There’s something mystical about a marathon. A 26.2-mile test of both physical and mental stamina pushes runners through a lot of walls, building the kind of confidence needed in all areas of life. Paul Fetscher would know. The inaugural Suffolk County Marathon this past September was his 281st time running the distance. “I always say that there are two things out there that everyone understands: the four-minute mile and the marathon,” Fetscher said. Though the four-minute mile is out of reach for most casual runners, the marathon is there for any runner willing to put in the work.
“A marathon is just a matter of deferred gratification. If I’m willing to do work now, I’m going to have a bigger benefit later,” Fetscher said. “That tenacity that will serve you well in anything you do is something that really comes home for a lot of people.”
Runners who have learned this while prepping for the races culminating in Eisenhower Park each May owe a debt of gratitude to Fetscher, who brought the marathon to Long Island in 1973. He is its first race director and at one time held the race record of 2:21.49.
THE WARM UP
The Long Island Marathon actually began in the Bronx in 1958 as the Macombs Dam Park Marathon, later named the Cherry Tree Marathon. It moved to Central Park in April 1970, rebranded as the Earth Day Marathon. When Fetscher was chosen as vice president of the New York Road Runners Club in 1972, he mentioned to president Fred Lebow that there weren’t enough races on Long Island.
Lebow suggested Fetscher take the Earth Day Marathon east. The following year, the event was run at Long Island’s Roosevelt Raceway before moving to Eisenhower Park five years later when it was finally dubbed The Long Island Marathon. To fill the gap, Lebow founded the New York City Marathon, which has become a nationally televised, international spectacle.
Our local race closes major county roads, brings on both national and regional sponsors and requires more than 700 volunteers. This May, approximately 1,000 people will run a 26.2 mile loop through Nassau County that spans from Jericho Turnpike to Sunrise Highway before finishing in Eisenhower Park.
WHERE ARE YOU RUNNING?
“Because we’re right next door to New York, we’re all too often compared to New York,” said race director Jason Lipset of the Nassau County Department of Parks, Recreation and Museums. “That’s a world-class event, but their whole purpose is much different than ours. The Long Island Marathon definitely caters to and likes to see our local hometown athletes.”
There has been talk over the years about offering prize money in an attempt to lure top runners, but with that comes the fear that the marathon would lose its identity as a local event.
“We don’t want some professional runner from somewhere else in the world coming in and dominating the race course and pushing out a Long Islander who might have that opportunity, so we’ve always tried to keep it a hometown race,” Lipset said.
But Fetscher has mixed feelings. On one hand, including more top-notch competition could bring out the best in local runners, all while making the marathon a bigger draw to the media and spectators. “The flip side is what are these goals about? Someone who runs a sub-2:30 isn’t a better person than someone who runs 3 hours or 4 hours. All those come out to be huge wins over sitting in an armchair,” Fetscher said.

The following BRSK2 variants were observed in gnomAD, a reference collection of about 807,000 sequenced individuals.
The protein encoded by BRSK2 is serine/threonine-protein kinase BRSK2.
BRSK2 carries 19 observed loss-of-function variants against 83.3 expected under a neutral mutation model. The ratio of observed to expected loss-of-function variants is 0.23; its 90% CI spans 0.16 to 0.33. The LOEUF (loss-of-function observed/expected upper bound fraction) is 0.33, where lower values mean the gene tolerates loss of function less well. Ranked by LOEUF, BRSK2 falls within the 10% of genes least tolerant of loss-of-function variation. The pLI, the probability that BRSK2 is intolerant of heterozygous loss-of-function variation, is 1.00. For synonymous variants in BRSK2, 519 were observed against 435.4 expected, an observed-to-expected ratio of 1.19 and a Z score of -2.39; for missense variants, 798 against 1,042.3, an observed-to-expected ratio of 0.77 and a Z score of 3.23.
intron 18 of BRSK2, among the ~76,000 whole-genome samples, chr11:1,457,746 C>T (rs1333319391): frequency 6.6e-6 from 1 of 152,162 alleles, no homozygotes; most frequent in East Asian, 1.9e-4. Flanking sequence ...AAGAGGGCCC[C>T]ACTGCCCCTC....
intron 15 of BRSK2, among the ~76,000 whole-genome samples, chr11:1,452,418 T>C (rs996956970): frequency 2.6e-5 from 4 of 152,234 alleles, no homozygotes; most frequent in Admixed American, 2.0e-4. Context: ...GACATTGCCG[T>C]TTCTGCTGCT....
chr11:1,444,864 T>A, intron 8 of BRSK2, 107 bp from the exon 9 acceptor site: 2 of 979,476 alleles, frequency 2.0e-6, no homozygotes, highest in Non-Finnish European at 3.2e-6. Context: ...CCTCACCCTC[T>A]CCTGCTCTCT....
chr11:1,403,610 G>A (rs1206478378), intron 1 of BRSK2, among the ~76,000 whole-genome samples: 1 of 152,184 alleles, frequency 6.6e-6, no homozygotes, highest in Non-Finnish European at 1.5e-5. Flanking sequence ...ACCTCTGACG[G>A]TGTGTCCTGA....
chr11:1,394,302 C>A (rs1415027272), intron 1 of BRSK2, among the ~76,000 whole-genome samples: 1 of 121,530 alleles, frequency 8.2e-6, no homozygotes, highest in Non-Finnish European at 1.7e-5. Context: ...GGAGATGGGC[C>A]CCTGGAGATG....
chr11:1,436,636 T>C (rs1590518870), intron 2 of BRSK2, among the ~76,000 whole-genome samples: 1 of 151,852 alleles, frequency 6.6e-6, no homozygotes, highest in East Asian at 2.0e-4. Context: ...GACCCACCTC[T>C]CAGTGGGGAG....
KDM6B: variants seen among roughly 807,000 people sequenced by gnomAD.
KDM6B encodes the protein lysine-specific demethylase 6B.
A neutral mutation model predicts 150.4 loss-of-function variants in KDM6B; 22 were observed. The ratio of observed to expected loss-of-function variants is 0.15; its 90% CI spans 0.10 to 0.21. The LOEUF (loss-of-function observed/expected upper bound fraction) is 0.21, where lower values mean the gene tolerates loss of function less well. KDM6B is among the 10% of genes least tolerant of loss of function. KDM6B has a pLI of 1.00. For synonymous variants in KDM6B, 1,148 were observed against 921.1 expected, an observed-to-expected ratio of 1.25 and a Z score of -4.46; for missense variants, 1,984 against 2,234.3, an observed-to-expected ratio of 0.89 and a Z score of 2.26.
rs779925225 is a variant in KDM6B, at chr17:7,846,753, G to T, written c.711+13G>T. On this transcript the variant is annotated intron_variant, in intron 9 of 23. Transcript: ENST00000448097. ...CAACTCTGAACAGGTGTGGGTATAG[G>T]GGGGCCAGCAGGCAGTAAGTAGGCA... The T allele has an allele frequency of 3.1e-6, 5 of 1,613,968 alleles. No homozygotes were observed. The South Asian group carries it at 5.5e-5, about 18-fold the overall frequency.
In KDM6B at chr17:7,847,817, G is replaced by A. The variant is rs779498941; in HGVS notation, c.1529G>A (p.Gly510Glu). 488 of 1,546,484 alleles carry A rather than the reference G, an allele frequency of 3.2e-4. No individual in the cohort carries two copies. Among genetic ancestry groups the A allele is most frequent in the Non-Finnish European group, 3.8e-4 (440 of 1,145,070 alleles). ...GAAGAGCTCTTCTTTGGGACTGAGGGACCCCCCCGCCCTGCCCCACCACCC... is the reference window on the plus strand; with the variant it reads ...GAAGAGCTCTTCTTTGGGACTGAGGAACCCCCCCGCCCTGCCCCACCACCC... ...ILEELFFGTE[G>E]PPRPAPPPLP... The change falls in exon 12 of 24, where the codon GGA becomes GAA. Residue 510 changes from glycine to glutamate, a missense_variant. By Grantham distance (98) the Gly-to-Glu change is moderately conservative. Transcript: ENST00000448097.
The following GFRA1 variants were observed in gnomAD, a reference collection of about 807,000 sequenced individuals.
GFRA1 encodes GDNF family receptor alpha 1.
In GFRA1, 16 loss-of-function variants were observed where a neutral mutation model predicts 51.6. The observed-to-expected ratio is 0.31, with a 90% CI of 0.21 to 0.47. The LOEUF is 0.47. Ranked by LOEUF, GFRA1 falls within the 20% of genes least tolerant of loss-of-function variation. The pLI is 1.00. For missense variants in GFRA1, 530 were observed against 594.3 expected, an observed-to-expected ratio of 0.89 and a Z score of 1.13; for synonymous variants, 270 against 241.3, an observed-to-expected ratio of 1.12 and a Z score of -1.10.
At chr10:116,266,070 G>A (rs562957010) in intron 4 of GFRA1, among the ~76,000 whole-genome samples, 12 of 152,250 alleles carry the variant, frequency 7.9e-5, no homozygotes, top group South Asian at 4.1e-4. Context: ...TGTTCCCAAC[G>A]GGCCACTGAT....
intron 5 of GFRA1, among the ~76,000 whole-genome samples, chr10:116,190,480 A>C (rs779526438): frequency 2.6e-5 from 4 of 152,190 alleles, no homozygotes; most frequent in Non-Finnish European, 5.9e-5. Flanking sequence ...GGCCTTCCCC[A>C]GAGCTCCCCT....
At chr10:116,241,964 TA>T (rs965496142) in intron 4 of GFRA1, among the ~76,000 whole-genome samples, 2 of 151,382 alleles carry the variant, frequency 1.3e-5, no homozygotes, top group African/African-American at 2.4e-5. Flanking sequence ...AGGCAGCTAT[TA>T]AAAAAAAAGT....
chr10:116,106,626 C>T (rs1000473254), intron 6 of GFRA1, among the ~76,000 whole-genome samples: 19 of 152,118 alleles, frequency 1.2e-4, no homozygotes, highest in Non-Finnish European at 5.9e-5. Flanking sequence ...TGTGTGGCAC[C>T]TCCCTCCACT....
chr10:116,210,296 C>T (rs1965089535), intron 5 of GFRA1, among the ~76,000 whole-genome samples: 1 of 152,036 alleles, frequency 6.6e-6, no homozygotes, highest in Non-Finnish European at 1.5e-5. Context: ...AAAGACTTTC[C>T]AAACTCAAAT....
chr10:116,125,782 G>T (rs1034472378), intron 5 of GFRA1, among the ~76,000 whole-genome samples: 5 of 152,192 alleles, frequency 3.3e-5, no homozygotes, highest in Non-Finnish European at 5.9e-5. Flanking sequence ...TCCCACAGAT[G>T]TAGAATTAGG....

He remembers the days when he’d see someone on the street and try to recruit them to join a local club. In 1973, there was only one long distance running club on Long Island, the Long Island Athletic Club run by legendary Wantagh High School cross country coach Mike Byrnes. Today, there are about two dozen. Both Fetscher and Lipset pointed out that running has permeated society and the clubs fan the flames with a sort of positive peer-pressure.
“When it comes to running, it’s something everyone can do to your own level and nobody’s judging you or telling you to buy more expensive equipment,” Lipset said. “It’s always a very personal experience.” An experience Lipset is always looking to improve for runners and spectators during the Long Island Marathon. Over the years, he’s added shorter races to appeal to all athletic abilities and booked musical acts to perform along the racecourse. This year, the Nassau County Department of Parks, Recreation and Museums has added a kick-off weekend. “I’m hoping that the runners can get a sample of the finish line and it will get them excited about what it’s going to be like a week from then when there are hundreds, if not thousands, of spectators lining the finish line area,” Lipset said.
Of course, for the 1,000 marathoners, the following weekend’s trek will be a full 23.1 miles longer, but that’s part of the allure. “It’s the ultimate test,” Fetscher said. “You’re going to ask, ‘Why am I doing this?’ You have to reach deep inside of you.”
Long Island Marathon Weekend includes a half marathon, 10k, 5k and mile run that culminates in Eisenhower Park. According to race director Jason Lipset of the Nassau County Department of Parks, Recreation and Museums, 78 percent of participants will be from the Island—a stark contrast to the 125 countries represented by runners of the 2015 New York City Marathon.
The growth of distance running on Long Island is part of a nationwide trend. In 2014, 550,600 people finished a marathon in the United States, up 2 percent from the year before. More than 2 million finished a half marathon, an increase of 4 percent according to Running USA. Compare that to an estimated 353,000 marathon finishers and 500,000 half-marathon finishers in 2000.